What Do Java Developers Think of the Rise of GenAI?
Python is known as the go-to programming language for generative AI, so naturally it has been hyper-focused on Python frameworks and libraries. But what does this mean for Java developers?
It’s an important question to ask, as a lot of the world’s largest IT systems are powered by Java. Java has proven itself to be the language of choice when it comes to system scalability and robustness. With Java’s six-month release cadence and new features such as those introduced by Project Loom and Project Panama, we can expect Java to keep getting even more powerful.
We decided to ask Java developers their thoughts about the rising importance of GenAI with respect to the higher adoption rate of Python. Java developers have traditionally been identified as enterprise application developers, who tend to be specialists in charge of the design and implementations of a corporation’s backend production systems. With ChatGPT taking the world by storm, has that been raising the eyebrows of Java developers — or are they not paying any attention at all?
We asked Java developers how they felt about GenAI being hyper-focused on Python. We had the survey up for a week on three different social media platforms: LinkedIn, X (formerly Twitter) and Mastodon.
The specific question asked was “GenAI is hyper-focused on Python libraries and frameworks. How does this leave you feeling?”
With LinkedIn and X being the mainstream platforms, we saw a higher number of engagements both in the number of views and votes received. The LinkedIn poll had close to 2,900 of viewers , of which 84 (3%) voted on the question. X had almost 2,800 viewers, of which 134 (5%) voted. Mastodon did not display the number of viewers, but it registered 15 people who had cast their votes — for a grand total of 233 responses to the question.
Due to the limitations of the sample, the results should not be extrapolated to the larger population. That being said, the data does allow the community to have a better understanding of the subject.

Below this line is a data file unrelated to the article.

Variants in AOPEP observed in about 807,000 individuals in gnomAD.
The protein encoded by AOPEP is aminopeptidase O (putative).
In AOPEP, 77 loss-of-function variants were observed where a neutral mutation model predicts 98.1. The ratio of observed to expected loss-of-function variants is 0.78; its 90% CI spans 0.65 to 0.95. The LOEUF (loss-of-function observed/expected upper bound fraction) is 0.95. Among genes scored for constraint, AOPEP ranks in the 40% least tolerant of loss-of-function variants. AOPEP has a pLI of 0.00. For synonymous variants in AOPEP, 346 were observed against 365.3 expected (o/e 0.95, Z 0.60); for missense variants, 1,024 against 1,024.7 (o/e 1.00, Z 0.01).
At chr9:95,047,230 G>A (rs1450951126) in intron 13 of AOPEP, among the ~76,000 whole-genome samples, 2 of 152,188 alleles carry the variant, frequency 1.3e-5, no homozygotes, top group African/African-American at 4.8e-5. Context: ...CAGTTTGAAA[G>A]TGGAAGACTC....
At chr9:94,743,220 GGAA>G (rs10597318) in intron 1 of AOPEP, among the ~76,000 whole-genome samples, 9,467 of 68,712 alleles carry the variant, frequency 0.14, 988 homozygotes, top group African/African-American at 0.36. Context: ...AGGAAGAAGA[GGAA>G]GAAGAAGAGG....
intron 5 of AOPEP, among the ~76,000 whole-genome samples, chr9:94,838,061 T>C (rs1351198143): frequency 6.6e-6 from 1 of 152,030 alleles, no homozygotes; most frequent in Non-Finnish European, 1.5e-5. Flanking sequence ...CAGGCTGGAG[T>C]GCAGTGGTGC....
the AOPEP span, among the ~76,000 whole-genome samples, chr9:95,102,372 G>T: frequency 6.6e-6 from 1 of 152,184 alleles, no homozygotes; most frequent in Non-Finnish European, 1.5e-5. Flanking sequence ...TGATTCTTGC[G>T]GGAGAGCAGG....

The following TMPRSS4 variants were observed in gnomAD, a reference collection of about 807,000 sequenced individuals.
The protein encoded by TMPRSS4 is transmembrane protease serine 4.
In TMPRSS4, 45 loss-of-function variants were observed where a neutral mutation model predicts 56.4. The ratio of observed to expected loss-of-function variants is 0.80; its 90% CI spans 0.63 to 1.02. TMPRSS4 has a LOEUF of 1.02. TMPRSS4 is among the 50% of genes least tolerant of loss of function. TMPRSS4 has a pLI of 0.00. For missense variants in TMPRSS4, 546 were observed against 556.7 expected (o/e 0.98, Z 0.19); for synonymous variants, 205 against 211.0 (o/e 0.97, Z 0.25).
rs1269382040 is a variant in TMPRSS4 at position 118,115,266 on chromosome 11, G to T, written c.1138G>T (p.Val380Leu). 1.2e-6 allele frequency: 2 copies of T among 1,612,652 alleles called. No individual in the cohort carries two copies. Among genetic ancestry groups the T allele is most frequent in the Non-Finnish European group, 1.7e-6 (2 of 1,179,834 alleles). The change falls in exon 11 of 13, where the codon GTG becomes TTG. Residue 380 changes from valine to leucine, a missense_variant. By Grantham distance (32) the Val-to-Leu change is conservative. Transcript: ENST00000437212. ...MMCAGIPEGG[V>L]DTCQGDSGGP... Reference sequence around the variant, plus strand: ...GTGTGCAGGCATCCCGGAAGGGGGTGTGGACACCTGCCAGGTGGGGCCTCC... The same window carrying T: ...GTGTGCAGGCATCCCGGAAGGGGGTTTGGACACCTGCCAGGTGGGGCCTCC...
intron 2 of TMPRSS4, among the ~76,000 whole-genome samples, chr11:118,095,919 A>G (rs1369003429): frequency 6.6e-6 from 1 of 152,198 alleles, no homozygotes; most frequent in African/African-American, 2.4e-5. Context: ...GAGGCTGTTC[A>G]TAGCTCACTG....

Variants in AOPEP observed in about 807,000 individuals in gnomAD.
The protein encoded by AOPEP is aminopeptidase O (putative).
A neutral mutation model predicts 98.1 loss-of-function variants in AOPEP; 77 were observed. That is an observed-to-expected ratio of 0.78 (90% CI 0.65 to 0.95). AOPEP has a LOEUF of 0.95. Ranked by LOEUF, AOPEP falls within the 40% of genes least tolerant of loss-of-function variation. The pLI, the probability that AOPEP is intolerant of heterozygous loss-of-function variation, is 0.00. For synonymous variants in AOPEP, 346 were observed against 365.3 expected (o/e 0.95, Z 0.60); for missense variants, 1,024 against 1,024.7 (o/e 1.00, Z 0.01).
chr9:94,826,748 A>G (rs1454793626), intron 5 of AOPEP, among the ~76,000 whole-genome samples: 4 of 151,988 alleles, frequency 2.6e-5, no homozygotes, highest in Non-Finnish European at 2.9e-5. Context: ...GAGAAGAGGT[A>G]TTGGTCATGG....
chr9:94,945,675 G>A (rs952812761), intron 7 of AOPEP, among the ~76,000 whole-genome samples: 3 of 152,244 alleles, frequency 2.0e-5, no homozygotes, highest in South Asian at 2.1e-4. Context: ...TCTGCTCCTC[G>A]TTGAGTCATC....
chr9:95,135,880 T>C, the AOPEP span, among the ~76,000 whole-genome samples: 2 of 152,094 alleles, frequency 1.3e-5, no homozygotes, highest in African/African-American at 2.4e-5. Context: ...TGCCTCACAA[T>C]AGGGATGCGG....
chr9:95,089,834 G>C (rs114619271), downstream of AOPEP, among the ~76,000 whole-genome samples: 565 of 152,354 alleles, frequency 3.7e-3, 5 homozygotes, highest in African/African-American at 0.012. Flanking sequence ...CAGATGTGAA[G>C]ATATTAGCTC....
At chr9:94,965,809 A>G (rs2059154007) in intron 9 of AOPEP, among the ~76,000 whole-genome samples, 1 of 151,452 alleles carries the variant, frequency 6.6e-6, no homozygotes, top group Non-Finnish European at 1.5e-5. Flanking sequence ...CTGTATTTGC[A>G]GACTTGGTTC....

Overall, 48% of respondents believe “Java will catch up” with Python. In contrast, 18% said that Python’s GenAI edge means they are more likely to “switch to Python.” Among the remaining respondents, 21% are not sure what to think and 13% plan to start researching the subject. Voters on LinkedIn were more likely to believe Java will catch up and less likely to plan to do additional research.
Here are a few conclusions we can draw:
- The surveys show that a considerable number of developers feel surprised, concerned or threatened by Python’s dominance in generative AI. There is a sense that Python has “taken over” this emerging field.
- At the same time, some Java developers see opportunities to leverage Java’s strengths (performance, static typing, enterprise capabilities) to complement Python’s traction in AI/ML. There is interest in bridging the gap between the two languages.
- Opinions differ on whether Java can “catch up” to Python in AI or if the momentum is too far on Python’s side now. Some think Java needs to rapidly evolve to be competitive, while others think it’s too late.
- There are calls for Oracle and the Java community to be more proactive in supporting AI, machine learning and data science use cases. Many feel Python’s ecosystems and libraries for ML/AI are far ahead.
So What Does the Future Hold?
Results from the brief survey have given us some level of confidence that Java developers are more ready to start learning about GenAI. Since it was initially developed using Python, it makes sense that it currently has better Python support and integration. Moving forward, however, expanding language support is likely a priority.
Java is still extremely popular, especially in large enterprises, despite the occasional naysayer’s comment of “Java is dead.” So there’s definitely incentive for GenAI to expand its Java capabilities to open up more use cases. Java and Python have different strengths that make them suitable for different tasks; they each have their place in the computing world. Java is known for performance, scalability, and concurrency support, among other things. The upcoming Java 21 will have virtual threads, as part of Project Loom, integrated into the release; this will bring concurrency computing to a new level. Python’s ease of use and faster development cycles will continue to be an advantage.
But Java isn’t standing still when it comes to ease of use. There are ongoing efforts to make the language more concise and developer-friendly. Libraries such as PyTorch and TensorFlow now have Java APIs for AI/ML development.
Ultimately, we think GenAI will provide a great experience for developers in both Java and Python. Supporting developer freedom of choice in languages and frameworks will be important — flexibility will always be advantageous for any wave of technological advances. Of course, how quickly GenAI expands its Java support depends on demand and technical considerations. The expectation is that this will improve over time; as noted above, the technical piece of the puzzle is already being solved.
In summary, while GenAI is more Python-focused today, Java is still very relevant and supporting it well should be a priority going forward. The languages can complement each other with their respective strengths. Who knows? The 18% of respondents who indicated that they’d switch to Python might eventually find themselves convinced to stick with Java.